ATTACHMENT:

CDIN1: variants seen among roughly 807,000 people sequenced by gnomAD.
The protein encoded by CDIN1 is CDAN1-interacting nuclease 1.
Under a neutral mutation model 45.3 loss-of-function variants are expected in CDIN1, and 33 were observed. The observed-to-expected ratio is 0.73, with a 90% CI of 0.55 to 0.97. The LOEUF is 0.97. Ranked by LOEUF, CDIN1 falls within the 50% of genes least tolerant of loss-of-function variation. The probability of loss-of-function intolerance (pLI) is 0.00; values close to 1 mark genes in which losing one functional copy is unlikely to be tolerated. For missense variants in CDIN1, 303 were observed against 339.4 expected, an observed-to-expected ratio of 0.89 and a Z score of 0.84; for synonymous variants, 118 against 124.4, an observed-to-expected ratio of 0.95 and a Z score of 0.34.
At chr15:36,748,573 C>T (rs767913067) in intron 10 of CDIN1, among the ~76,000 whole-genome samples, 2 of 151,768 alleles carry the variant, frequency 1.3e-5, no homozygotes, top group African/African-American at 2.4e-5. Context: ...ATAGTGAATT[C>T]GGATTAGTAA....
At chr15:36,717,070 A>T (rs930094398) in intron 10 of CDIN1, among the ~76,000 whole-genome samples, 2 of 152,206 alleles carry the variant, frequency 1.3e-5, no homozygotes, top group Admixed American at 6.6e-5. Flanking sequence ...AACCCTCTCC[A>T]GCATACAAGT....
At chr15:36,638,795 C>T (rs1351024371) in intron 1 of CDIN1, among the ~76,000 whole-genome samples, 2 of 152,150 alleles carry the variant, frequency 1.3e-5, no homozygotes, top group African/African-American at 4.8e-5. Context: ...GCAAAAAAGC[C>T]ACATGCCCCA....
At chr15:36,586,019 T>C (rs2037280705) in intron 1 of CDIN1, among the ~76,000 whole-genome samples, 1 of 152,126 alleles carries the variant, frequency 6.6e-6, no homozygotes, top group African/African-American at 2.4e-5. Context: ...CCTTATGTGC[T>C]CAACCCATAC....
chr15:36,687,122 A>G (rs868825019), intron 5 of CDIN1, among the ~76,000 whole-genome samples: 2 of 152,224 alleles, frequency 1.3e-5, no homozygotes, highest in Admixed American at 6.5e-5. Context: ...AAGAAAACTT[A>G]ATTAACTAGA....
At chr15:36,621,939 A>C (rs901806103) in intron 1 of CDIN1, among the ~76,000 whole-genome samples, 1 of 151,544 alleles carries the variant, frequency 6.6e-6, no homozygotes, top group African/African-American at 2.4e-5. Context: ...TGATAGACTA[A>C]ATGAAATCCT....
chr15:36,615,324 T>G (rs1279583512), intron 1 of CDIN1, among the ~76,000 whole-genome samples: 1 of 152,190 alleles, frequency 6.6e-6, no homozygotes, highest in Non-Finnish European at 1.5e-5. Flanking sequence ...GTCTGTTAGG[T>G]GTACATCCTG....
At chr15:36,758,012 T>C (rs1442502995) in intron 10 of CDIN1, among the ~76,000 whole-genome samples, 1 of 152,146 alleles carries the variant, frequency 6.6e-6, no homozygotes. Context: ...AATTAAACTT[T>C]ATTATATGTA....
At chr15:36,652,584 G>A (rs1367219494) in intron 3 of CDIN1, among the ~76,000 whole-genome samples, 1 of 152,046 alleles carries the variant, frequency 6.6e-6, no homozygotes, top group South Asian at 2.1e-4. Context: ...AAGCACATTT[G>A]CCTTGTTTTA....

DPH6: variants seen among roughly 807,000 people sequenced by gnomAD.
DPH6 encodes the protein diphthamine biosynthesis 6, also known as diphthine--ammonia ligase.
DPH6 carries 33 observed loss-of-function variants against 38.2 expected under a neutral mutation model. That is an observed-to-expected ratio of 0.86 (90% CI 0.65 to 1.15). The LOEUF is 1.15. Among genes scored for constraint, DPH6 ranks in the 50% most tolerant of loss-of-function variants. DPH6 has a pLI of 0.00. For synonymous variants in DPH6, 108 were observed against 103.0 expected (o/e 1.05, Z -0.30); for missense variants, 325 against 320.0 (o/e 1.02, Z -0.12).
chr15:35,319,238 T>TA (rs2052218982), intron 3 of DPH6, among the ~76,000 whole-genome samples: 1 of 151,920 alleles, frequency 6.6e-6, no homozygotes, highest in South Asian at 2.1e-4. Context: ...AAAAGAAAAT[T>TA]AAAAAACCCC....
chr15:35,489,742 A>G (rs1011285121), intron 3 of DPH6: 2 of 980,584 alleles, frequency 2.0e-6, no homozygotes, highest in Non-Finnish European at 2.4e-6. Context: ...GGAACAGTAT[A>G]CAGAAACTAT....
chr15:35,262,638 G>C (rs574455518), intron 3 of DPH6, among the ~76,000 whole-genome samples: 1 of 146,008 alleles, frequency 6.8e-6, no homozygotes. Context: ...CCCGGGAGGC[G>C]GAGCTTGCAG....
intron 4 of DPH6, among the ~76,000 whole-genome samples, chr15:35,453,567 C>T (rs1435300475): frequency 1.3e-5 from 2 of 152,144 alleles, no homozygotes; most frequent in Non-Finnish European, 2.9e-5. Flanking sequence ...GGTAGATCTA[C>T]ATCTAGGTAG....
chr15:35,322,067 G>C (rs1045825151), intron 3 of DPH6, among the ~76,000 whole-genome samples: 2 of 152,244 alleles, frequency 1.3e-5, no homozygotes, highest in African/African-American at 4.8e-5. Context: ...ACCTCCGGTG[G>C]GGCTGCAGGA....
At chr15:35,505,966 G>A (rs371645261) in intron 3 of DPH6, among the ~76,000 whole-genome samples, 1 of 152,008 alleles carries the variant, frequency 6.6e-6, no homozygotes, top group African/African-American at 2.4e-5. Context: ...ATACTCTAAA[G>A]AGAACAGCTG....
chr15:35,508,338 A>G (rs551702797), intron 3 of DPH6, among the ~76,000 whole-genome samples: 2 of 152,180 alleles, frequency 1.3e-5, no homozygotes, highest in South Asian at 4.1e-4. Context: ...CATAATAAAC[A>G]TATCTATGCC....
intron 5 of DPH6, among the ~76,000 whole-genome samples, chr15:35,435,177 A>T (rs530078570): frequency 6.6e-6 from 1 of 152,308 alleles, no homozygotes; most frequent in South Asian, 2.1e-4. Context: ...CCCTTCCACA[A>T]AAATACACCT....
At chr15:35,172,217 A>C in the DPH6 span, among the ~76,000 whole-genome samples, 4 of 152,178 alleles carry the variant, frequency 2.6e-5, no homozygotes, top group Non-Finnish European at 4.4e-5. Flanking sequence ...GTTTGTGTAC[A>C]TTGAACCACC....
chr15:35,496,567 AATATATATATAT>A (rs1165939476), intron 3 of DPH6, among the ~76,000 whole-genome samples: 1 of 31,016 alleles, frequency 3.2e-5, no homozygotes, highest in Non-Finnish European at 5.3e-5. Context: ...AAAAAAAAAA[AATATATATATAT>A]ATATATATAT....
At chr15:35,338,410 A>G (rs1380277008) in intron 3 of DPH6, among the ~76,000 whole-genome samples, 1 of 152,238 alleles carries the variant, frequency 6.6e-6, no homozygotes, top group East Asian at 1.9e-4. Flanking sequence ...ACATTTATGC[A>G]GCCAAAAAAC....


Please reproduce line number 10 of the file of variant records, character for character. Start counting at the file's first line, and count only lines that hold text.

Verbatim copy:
chr15:36,615,324 T>G (rs1279583512), intron 1 of CDIN1, among the ~76,000 whole-genome samples: 1 of 152,190 alleles, frequency 6.6e-6, no homozygotes, highest in Non-Finnish European at 1.5e-5. Flanking sequence ...GTCTGTTAGG[T>G]GTACATCCTG....